25 December: Christmas Day, Year A, B, C
Readings: Isaiah 52:7-10; Heb 1:1-6; John 1:1-18
About two thousand years ago, while silence covered the little town of Bethlehem, something extraordinary happened. A child was born of the Virgin Mary. That is why at Christmas we joyfully celebrate the Good News announced by the Angel that night: "Today in the town of David a Saviour has been born to you; he is Christ the Lord". We join millions of Christians around the world in celebrating this joyful event of Christ in our midst, the Son of God, who assumes our human flesh, born of the Virgin Mary. When we receive a precious gift, we rejoice because it is a sign that someone loves us. God’s gift of himself to us in the Incarnation is therefore clear evidence of God’s love and goodness for us. During the last 4 weeks of Advent, we have prepared ourselves for Christmas, the fulfillment of Isaiah's prophecy in the first reading of the Midnight Mass. "For there is a child born for us, a son is given to us". That is why at Christmas we rejoice because the salvation promised us is now ful¬filled; our Saviour is born; a Saviour who brings light into the world. "The people that walked in darkness has seen a great light; on those who live in a land of deep shadow a light has shone”.
The readings for this Mass generally proclaim the “cosmic dimensions” of Jesus’ birth. All the ends of the earth will see the salvation of God. In former times, God spoke in varied and partial ways through the prophets; now he has spoken to us clearly by his Son. The gospel is the prologue to John’s Gospel: From all eternity, the Word exists with the Father. All things were made through him, for him, and unto him. Everything that comes to life, lives because of him. This eternal Word of God becomes flesh! He empties himself to become one of us in order to save us! God humbles himself to be born as a baby in the back streets of Bethlehem. Yet this child who is born in a manger is the Lord of all things. Christ left his heavenly glory to become one of us to save us. The Gospel passage is a beautiful way of speaking about Jesus as the Word who was with God from the beginning, and through whom all things were made. Gradually John introduces us to his theological style of using contrasting pairs: life and death; light and darkness; acceptance and rejection. One verse that captured my immagination is the following: “From his fullness we have all received, grace in place of grace.” Jesus comes not only to save us from sin, but also to bring us, from the abundance of God, grace upon grace. One possible way of understanding grace upon grace is to imagine a moment when we all live the spirit of Christmas. If every one of us opened their hearts so that Christ may be born in our lives, that would be “grace upon grace". Let me finish with a quote from Blessed Mother Teresa that seems to capture that meaning. Referring to Christmas she once said:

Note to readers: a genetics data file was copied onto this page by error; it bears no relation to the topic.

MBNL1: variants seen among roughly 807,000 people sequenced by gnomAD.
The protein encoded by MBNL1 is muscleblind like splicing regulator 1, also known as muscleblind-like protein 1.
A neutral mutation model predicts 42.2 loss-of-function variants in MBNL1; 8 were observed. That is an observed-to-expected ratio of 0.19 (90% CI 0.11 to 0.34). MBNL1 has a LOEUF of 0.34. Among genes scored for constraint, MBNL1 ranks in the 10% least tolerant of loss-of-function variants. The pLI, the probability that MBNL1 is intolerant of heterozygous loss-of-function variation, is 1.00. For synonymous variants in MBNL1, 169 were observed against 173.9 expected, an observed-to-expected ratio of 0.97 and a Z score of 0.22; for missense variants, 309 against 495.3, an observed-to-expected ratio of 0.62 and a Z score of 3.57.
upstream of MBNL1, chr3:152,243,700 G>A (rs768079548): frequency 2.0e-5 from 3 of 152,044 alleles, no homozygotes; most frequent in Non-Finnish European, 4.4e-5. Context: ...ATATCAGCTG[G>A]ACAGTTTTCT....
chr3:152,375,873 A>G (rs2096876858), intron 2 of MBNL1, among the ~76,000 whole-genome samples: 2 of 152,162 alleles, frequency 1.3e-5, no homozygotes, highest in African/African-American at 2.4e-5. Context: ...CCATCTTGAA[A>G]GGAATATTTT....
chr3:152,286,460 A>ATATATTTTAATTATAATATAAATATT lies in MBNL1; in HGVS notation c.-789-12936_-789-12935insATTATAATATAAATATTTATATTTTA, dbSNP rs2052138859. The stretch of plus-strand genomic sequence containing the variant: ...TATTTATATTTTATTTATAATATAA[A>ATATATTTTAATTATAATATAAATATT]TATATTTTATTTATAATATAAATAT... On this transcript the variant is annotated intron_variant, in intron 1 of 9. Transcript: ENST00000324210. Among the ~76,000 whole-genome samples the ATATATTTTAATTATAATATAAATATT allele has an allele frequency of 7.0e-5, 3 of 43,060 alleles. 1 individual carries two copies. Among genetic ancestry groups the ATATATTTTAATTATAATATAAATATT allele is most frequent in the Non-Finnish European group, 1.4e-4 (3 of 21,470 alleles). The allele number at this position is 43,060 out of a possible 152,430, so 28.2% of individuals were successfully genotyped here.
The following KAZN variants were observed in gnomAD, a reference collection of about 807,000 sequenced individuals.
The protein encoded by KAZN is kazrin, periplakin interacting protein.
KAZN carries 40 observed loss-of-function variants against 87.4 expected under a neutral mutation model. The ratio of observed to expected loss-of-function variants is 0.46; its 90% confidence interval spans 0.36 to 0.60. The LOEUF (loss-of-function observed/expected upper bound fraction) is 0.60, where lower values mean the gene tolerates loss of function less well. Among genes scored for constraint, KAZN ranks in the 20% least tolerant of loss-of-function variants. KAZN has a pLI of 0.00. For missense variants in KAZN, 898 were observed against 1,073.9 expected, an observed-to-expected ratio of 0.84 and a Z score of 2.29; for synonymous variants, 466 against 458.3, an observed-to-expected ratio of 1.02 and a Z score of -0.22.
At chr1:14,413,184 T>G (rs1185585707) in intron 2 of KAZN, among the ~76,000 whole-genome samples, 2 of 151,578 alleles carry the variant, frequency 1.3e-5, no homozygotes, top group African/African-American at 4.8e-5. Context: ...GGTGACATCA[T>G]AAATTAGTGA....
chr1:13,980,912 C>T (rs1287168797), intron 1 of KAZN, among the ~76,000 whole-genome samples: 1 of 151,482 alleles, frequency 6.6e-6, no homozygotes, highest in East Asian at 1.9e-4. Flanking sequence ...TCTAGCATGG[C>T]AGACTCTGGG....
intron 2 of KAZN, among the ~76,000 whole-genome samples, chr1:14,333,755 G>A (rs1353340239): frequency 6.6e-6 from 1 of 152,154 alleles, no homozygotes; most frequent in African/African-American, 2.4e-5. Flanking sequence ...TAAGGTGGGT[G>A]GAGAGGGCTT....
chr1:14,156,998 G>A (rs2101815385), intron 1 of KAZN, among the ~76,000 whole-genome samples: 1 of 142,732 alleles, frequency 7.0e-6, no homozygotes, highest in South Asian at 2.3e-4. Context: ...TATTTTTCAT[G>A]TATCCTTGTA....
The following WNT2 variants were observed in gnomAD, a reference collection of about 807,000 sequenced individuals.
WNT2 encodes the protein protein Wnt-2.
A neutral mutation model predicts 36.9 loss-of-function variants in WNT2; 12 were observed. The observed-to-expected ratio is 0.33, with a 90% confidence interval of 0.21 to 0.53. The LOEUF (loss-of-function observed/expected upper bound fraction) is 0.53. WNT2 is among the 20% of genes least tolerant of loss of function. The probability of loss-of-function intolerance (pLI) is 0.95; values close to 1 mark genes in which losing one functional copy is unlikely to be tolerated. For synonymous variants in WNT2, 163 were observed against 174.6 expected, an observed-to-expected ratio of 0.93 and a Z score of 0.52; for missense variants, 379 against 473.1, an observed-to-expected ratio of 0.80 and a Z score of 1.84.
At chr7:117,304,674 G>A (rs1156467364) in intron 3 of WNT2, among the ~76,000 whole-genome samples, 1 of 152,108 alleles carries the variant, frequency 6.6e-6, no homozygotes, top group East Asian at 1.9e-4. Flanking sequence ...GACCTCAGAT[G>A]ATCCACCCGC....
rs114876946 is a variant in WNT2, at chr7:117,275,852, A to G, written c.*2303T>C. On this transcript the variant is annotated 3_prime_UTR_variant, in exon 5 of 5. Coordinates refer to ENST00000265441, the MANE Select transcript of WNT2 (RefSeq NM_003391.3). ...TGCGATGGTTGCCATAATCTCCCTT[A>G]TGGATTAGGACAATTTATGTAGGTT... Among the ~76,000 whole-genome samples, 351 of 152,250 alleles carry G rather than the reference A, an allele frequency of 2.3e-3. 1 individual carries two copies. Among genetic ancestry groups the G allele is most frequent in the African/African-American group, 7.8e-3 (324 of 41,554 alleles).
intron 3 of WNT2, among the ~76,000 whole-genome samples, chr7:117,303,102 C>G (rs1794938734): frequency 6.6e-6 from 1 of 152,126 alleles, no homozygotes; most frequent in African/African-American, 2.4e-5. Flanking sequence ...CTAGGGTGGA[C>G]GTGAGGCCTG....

"It is Christmas every time you smile to another person
and hold his/her hand.
It is Christmas Every time you keep silent
to listen to another person.
It is Christmas Every time you hope
with those in despair.
It is Christmas Every time you allow God
to be born in you and after you give Him to others.
Then, every day for us will be Christmas.” (source unknown)
©2007 John M. Mbinda